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September 1939


Arch Intern Med (Chic). 1939;64(3):542-565. doi:10.1001/archinte.1939.00190030135010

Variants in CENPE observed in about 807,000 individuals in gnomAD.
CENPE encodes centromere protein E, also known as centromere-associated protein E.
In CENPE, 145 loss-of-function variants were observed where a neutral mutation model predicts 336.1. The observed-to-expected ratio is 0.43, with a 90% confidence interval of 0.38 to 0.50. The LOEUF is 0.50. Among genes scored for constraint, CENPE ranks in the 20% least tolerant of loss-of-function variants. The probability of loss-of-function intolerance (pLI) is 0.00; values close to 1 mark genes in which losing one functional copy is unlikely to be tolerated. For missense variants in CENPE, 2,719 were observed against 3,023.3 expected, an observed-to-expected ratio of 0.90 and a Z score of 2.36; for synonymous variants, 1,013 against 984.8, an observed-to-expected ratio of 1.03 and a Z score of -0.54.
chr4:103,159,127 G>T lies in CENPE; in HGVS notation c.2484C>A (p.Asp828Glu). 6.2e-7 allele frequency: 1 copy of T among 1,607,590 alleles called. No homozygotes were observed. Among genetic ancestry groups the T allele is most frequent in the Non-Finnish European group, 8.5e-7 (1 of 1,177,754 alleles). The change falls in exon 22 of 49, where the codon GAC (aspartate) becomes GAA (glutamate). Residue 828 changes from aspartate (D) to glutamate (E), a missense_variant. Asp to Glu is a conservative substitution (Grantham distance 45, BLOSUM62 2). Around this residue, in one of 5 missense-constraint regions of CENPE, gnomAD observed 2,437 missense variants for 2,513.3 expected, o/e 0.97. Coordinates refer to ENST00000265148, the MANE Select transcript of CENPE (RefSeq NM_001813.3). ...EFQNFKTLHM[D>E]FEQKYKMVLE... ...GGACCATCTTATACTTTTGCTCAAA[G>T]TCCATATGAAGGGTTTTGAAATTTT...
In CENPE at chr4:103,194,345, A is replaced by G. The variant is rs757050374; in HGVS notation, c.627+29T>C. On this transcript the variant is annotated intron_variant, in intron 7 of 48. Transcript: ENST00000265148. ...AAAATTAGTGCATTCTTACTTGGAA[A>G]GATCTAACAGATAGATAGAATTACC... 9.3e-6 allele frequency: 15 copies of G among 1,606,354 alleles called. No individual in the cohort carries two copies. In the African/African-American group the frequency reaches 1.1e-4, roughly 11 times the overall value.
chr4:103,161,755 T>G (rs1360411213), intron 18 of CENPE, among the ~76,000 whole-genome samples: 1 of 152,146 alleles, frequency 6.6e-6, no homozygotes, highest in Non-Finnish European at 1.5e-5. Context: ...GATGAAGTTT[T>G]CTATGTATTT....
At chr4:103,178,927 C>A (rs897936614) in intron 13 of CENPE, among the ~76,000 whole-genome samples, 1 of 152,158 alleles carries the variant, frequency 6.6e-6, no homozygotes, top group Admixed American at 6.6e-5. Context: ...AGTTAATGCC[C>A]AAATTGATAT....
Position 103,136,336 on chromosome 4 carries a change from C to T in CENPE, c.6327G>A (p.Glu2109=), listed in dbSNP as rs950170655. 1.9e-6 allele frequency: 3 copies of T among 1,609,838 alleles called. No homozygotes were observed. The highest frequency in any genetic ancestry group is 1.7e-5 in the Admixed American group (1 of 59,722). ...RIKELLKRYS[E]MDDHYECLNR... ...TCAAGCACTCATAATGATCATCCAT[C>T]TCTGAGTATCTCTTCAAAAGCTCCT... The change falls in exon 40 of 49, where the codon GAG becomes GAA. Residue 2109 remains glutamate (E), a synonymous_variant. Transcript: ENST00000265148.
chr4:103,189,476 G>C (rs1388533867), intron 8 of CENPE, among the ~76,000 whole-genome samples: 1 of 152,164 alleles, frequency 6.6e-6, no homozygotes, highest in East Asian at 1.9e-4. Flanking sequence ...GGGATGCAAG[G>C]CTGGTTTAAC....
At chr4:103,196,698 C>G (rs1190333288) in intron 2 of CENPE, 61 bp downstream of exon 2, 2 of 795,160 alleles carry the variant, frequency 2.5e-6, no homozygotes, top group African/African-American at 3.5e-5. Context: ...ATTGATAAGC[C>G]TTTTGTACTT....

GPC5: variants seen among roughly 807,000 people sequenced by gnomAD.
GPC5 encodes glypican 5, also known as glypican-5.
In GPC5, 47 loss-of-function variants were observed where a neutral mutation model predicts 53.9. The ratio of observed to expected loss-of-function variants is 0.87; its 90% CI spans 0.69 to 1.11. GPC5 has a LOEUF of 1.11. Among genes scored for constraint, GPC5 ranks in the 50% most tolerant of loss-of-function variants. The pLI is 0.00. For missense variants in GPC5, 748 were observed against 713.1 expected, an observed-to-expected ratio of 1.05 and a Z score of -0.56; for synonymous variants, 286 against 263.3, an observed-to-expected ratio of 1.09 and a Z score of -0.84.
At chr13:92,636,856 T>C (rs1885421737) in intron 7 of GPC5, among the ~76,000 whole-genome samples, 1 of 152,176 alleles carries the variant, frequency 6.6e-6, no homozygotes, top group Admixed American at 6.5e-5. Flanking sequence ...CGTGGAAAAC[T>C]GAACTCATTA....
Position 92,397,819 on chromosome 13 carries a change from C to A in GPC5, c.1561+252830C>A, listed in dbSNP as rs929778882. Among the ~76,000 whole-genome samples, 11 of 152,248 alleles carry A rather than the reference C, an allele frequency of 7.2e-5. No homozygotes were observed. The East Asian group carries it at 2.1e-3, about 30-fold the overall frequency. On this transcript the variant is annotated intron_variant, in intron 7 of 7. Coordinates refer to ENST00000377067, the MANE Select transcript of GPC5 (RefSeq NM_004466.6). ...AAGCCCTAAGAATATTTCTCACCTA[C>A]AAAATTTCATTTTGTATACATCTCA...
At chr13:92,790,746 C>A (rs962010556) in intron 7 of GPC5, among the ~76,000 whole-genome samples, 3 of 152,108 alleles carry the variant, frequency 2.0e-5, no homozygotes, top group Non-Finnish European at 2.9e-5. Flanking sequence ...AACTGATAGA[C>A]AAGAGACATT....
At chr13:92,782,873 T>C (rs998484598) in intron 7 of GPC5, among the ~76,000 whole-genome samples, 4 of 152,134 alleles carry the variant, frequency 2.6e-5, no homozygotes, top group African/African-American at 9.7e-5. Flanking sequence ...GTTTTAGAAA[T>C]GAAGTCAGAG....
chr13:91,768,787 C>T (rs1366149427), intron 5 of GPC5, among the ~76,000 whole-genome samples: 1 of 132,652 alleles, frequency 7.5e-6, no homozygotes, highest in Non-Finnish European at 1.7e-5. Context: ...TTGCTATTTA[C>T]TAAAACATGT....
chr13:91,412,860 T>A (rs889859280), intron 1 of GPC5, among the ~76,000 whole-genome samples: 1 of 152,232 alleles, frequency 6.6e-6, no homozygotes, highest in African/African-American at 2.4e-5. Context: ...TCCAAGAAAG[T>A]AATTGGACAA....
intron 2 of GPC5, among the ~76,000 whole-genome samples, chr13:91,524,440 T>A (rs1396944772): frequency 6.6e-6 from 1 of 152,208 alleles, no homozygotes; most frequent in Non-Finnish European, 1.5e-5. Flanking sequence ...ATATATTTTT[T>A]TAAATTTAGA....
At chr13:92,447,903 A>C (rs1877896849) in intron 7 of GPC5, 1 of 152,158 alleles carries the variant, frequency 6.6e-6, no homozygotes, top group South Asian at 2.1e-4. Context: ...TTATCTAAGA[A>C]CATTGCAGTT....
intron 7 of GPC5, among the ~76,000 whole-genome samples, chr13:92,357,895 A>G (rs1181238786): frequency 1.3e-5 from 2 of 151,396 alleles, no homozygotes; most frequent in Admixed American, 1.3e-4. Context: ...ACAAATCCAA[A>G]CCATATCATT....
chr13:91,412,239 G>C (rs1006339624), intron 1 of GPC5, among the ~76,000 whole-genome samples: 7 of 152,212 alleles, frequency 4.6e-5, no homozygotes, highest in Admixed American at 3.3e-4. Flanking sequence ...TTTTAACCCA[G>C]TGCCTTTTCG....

There are apparently several ways by which carcinoma may metastasize to the central nervous system. Briefly, these are: (1) by direct extension (along nerve sheaths, by bony invasion or from the meninges); (2) through the lymphatic vessels, usually in retrograde growth, and (3) via the blood stream, as carcinomatous emboli. The different routes of invasion result in different pathologic1 and clinical pictures. Direct extension may be from a nearby primary focus, as in the case of carcinoma of the nasopharynx, or from a distant focus preceded by metastasis to a nearby structure, as in the case of carcinoma metastatic to the skull from the thyroid or the prostate. The resultant clinical picture is a combination of the symptoms produced by the structures primarily involved and those produced by the later growth into the central nervous system. Metastasis by the lymphatic route results usually in so-called meningitis carcinomatosa, with the

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